Dismissed from scholastic endeavors, the squalid, salacious sex-ploitationism running unabashed throughout teen high school films of late, Assassination of a High School President stands as the antithesis for the STV, formula, masquerading, teen dramady monstrosities. This is partially ironic since Assassination of a High School President was sentenced to be a STV film as well. Assassination of a High School President is a film with crisp dialog and a plethora of unforced humorous moments that do not result from a sexual situation.
The plot of Assassination of a High School President is an onion mystery (Did I just coin that? Probably not.) and its protagonist is Bobby “Funky” Funke (Reese Thompson), an atypical, pimped faced, non-pretty boy (I am not putting Thompson down) that embodies the character he is portraying. It is his imperfection, his “newspaper dork” pedigree, a would-be journalist for the school newspaper who has not “finished a single assignment” that causes everyone to underestimate him, his resourcefulness, and his abilities, an error Sun Tzu would never have made.
The setting of Assassination of a High School President is a uniform-mandatory, preparatory high school, yet houses realistic and hyper realistic individuals, the most ostentatious being the school Principal, Kirkpatrick (Bruce Willis). Principal Kirkpatrick is responsible for almost a third of the humor found in Assassination of a High School President and facilitates many of their other occurrences. These moments seamlessly transition to those of authentic emotion and drama. The viewer feels Funke’s palpable nervousness when he talks to the resident “it” girl in high school, Francesca Fachini (Mishca Barton). Never malicious and almost imperceptibly disdainful, Francesca is a beautiful, playful, charming, illusive enigma, a valid representation of the real-life incarnations she is the amalgamation of. She has the ability to read and say exactly what is necessary in a given situation. She knows when someone is “into her” yet is not malicious with the puissant allure she welds.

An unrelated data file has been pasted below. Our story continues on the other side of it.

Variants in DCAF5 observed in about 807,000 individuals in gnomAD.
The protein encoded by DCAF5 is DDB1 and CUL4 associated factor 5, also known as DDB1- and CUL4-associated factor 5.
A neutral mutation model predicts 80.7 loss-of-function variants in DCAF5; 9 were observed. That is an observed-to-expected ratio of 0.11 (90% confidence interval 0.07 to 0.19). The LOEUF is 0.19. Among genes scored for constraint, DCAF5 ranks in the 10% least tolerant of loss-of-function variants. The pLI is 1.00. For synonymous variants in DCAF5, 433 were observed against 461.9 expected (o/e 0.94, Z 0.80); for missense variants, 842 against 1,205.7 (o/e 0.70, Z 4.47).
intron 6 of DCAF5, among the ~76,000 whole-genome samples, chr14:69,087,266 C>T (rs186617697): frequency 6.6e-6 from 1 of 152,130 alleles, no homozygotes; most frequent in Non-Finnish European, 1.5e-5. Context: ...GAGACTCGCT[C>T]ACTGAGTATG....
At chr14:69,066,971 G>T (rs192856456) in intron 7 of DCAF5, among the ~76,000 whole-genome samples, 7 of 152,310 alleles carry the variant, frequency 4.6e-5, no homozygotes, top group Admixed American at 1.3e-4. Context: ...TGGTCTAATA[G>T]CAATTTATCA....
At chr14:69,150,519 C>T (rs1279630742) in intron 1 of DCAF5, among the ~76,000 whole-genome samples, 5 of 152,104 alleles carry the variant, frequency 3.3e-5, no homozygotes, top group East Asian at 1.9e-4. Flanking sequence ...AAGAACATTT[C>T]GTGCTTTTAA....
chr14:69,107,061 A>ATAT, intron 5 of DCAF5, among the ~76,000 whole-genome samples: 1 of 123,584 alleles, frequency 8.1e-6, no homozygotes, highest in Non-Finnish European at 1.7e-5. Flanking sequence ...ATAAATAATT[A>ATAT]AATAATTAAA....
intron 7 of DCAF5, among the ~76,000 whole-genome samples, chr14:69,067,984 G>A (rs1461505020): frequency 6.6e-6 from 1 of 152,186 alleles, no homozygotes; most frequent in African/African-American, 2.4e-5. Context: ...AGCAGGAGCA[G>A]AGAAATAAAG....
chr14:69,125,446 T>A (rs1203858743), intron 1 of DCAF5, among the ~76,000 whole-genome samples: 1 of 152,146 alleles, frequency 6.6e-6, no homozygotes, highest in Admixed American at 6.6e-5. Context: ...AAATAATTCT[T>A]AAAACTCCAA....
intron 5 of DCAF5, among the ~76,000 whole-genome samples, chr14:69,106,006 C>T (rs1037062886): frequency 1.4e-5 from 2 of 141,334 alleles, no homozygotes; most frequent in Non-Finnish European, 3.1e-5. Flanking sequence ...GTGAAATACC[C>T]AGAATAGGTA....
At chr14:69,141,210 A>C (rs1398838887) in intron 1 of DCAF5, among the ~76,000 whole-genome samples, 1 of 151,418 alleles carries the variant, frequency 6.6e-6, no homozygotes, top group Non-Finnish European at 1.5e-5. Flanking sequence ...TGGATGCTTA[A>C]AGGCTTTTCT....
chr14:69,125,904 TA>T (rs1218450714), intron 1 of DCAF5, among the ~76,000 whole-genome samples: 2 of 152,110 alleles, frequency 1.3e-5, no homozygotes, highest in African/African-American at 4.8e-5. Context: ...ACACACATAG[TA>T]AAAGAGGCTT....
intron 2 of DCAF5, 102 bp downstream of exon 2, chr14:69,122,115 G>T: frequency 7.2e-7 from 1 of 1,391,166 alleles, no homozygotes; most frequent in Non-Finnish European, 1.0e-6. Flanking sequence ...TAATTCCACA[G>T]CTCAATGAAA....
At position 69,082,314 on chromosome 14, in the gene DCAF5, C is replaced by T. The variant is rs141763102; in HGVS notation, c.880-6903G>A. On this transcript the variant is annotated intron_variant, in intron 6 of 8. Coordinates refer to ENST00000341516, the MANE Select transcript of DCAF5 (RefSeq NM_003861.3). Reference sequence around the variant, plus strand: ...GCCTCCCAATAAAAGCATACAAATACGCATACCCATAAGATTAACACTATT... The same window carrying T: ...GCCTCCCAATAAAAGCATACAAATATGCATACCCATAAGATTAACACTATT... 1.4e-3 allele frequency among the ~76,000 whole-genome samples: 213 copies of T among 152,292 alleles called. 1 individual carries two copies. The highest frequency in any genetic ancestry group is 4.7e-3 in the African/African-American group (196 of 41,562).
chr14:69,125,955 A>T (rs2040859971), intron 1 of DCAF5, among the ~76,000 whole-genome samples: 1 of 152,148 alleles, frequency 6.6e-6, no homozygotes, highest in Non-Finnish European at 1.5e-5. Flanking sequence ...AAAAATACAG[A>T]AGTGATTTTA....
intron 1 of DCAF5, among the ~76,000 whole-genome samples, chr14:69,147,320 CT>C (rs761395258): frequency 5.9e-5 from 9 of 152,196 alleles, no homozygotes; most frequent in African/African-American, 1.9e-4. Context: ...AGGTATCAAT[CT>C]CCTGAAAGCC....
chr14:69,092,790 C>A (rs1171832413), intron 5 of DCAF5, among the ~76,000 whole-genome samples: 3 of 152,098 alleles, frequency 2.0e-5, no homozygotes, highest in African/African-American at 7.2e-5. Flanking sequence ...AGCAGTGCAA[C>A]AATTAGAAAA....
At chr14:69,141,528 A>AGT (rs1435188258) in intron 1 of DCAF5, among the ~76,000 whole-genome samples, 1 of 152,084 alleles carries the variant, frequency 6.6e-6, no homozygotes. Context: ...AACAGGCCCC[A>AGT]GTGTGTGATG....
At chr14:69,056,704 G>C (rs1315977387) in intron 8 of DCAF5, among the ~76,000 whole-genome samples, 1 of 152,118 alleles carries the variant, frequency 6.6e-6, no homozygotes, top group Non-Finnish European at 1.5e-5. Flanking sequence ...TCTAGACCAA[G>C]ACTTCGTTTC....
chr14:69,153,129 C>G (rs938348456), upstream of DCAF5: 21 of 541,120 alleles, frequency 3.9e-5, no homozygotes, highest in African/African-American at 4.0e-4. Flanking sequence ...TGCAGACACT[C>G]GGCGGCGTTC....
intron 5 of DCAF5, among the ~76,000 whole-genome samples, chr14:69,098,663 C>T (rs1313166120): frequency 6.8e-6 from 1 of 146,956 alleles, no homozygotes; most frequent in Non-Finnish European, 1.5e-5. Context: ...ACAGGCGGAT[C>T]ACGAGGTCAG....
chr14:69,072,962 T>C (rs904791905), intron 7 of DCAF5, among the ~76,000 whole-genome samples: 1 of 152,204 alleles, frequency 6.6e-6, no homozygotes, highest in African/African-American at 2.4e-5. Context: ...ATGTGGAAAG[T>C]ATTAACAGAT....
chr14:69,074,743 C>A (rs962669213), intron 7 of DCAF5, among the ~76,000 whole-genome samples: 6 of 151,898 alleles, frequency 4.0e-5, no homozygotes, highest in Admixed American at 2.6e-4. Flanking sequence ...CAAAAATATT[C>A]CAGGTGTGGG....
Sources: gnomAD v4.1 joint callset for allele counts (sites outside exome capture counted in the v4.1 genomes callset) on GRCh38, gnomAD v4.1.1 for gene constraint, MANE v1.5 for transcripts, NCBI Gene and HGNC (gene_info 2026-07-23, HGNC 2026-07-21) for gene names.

Funke is the efficient and effective Everyman, someone the male contingent of the audience can see themselves in. They may root for him when he is down, applaud when he does well, and grow frustrated when he decides to talk when a hormonal wet dream is ebbing tidally in his favor.
Navigating through the situation Funke finds himself in brings him into contact with the delinquent underbelly of his preparatory high school, fellow outsiders with colorful personalities, chief of which is Dutch Middleton (Joseph Perrino), Sam Landis (Tanya Fischer), Ricky Delacruz (Vincent Piazza), and Cipriato (John Magaro). They may not be upstanding citizens but most are witty and contentious. No matter how low on the social food chain a character is shown as being, Funky is always shown to be below them, “the school joke”. He is always confused with being a Freshmen, even though he is a Sophomore, and was tied to a snow penis in the not so recent past.
Many will notice the film noir elements present in Assassination of a High School President, note its high school setting, and erroneously confer on this film the status of being Brick-lite. This is unfortunate as Assassination of a High School President is not intended as a film noir film and Brick was, right down to its vintage dialogue and societal references. Brick happens to be set in high school but could have been transferred to another environment and played out just as well. The same can not be said about Assassination of a High School President.
Though different classes of people are mentioned in Assassination of a High School President there are basically only two: the socially in and revered and the vastly more interesting (in the context of this film) self aware, eccentric fringe-beings.
Brett Simon’s Assassination of a High School President is a who-done-it that expands and evolves, drawing upon many of the bricks and mortar of high school life to paean its tale of crushes, hormones, fiscal ingenuity, comedy, class relegation, hero worship, and reality. We are shown both sides of the high school pond, not as amplified and MTV distorted as we would find in a Michael Bay film, but in similar to reality, narrative way (with common sense liberties taken), as was seen in Lost and Delirious with a bit of The Breakfast Club bracketed in, shepherded by a protagonist that is all too real and true to life.